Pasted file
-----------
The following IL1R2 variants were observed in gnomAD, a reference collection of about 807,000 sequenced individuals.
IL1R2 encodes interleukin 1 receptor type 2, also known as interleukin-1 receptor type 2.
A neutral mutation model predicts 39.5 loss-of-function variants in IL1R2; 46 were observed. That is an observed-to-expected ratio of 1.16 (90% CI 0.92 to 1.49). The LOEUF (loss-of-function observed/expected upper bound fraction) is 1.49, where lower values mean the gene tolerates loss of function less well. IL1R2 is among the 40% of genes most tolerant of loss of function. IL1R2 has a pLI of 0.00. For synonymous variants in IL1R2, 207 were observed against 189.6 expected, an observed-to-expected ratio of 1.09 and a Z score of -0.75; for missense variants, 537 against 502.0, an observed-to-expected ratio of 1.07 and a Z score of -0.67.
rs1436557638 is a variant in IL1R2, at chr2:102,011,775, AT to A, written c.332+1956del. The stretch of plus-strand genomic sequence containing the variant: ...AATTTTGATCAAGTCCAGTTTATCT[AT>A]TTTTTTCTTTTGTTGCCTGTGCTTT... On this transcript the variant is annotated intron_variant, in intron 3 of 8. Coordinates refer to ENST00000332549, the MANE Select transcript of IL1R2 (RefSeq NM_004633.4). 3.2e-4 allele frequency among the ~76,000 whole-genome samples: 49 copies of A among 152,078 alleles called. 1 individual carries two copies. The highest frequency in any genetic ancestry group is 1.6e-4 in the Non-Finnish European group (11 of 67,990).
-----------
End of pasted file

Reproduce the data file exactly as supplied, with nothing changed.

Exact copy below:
The following IL1R2 variants were observed in gnomAD, a reference collection of about 807,000 sequenced individuals.
IL1R2 encodes interleukin 1 receptor type 2, also known as interleukin-1 receptor type 2.
A neutral mutation model predicts 39.5 loss-of-function variants in IL1R2; 46 were observed. That is an observed-to-expected ratio of 1.16 (90% CI 0.92 to 1.49). The LOEUF (loss-of-function observed/expected upper bound fraction) is 1.49, where lower values mean the gene tolerates loss of function less well. IL1R2 is among the 40% of genes most tolerant of loss of function. IL1R2 has a pLI of 0.00. For synonymous variants in IL1R2, 207 were observed against 189.6 expected, an observed-to-expected ratio of 1.09 and a Z score of -0.75; for missense variants, 537 against 502.0, an observed-to-expected ratio of 1.07 and a Z score of -0.67.
rs1436557638 is a variant in IL1R2, at chr2:102,011,775, AT to A, written c.332+1956del. The stretch of plus-strand genomic sequence containing the variant: ...AATTTTGATCAAGTCCAGTTTATCT[AT>A]TTTTTTCTTTTGTTGCCTGTGCTTT... On this transcript the variant is annotated intron_variant, in intron 3 of 8. Coordinates refer to ENST00000332549, the MANE Select transcript of IL1R2 (RefSeq NM_004633.4). 3.2e-4 allele frequency among the ~76,000 whole-genome samples: 49 copies of A among 152,078 alleles called. 1 individual carries two copies. The highest frequency in any genetic ancestry group is 1.6e-4 in the Non-Finnish European group (11 of 67,990).